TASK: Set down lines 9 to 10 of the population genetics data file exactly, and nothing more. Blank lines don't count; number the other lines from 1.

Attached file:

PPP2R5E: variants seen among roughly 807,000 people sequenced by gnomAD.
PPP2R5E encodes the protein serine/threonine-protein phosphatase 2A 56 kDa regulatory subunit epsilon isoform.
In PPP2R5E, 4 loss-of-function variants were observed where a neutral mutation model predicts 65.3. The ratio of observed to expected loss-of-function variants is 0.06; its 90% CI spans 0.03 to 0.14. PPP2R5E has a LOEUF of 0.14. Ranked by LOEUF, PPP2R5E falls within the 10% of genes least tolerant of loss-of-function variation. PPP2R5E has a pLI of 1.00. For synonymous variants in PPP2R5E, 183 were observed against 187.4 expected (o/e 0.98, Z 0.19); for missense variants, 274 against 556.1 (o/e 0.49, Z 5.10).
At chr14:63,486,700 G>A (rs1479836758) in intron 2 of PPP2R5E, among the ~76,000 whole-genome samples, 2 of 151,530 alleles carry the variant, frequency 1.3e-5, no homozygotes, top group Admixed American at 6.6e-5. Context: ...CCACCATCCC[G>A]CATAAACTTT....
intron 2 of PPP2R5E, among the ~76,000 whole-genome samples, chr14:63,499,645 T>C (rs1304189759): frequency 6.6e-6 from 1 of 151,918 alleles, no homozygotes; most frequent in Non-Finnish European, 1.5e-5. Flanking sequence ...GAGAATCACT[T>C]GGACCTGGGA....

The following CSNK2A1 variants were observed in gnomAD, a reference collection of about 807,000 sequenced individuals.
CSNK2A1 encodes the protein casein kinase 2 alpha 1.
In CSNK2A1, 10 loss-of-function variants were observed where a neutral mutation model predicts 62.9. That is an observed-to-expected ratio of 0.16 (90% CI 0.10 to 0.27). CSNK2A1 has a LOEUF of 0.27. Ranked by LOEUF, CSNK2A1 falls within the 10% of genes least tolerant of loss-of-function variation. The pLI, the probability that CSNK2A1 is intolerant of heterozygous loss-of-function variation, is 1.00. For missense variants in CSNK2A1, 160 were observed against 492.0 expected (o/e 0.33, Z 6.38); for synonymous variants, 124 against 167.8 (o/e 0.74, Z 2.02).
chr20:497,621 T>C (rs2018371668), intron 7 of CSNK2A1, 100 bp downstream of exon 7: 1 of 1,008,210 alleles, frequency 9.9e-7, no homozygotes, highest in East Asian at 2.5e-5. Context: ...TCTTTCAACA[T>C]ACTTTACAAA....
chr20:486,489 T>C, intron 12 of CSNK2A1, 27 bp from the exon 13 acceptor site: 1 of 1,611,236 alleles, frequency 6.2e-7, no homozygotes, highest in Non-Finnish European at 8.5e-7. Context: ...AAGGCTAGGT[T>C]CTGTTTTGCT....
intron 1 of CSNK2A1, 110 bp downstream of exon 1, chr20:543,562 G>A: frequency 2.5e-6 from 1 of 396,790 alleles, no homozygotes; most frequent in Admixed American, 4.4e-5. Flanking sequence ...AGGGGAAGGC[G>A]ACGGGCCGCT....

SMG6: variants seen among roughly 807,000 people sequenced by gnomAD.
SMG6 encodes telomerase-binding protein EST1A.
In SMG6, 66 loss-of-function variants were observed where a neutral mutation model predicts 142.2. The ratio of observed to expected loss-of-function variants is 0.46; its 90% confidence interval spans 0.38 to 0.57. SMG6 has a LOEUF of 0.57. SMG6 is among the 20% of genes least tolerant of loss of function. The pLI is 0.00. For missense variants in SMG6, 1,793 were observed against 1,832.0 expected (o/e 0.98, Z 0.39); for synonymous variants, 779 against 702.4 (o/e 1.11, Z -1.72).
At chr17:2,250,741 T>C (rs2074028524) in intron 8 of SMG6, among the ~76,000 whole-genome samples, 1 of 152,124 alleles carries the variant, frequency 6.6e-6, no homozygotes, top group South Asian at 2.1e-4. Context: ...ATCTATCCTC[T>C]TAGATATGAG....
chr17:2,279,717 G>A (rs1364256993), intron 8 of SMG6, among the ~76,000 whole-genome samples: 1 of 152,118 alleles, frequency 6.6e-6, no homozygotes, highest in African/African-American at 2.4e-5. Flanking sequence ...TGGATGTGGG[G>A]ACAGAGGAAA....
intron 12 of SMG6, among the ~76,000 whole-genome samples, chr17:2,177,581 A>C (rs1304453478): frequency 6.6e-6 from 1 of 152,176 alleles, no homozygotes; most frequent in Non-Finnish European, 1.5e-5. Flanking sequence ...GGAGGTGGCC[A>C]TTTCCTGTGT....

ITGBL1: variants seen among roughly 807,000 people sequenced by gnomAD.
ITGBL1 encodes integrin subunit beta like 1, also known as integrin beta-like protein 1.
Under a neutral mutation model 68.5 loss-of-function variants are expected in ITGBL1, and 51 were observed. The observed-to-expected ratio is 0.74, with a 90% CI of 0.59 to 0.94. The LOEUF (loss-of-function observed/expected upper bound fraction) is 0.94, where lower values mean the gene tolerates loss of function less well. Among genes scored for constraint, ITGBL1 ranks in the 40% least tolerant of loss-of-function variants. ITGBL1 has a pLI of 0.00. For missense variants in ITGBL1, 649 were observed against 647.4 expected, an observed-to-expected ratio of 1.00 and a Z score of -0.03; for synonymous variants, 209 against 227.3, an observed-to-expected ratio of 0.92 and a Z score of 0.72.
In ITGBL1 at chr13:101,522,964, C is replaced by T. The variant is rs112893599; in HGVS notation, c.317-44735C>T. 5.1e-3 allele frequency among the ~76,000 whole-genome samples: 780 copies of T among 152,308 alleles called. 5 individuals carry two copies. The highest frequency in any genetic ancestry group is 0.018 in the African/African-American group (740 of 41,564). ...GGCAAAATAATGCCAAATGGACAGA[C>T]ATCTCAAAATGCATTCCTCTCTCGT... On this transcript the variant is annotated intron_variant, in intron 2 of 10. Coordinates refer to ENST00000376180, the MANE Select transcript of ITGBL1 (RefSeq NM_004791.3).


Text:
chr20:497,621 T>C (rs2018371668), intron 7 of CSNK2A1, 100 bp downstream of exon 7: 1 of 1,008,210 alleles, frequency 9.9e-7, no homozygotes, highest in East Asian at 2.5e-5. Context: ...TCTTTCAACA[T>C]ACTTTACAAA....
chr20:486,489 T>C, intron 12 of CSNK2A1, 27 bp from the exon 13 acceptor site: 1 of 1,611,236 alleles, frequency 6.2e-7, no homozygotes, highest in Non-Finnish European at 8.5e-7. Context: ...AAGGCTAGGT[T>C]CTGTTTTGCT....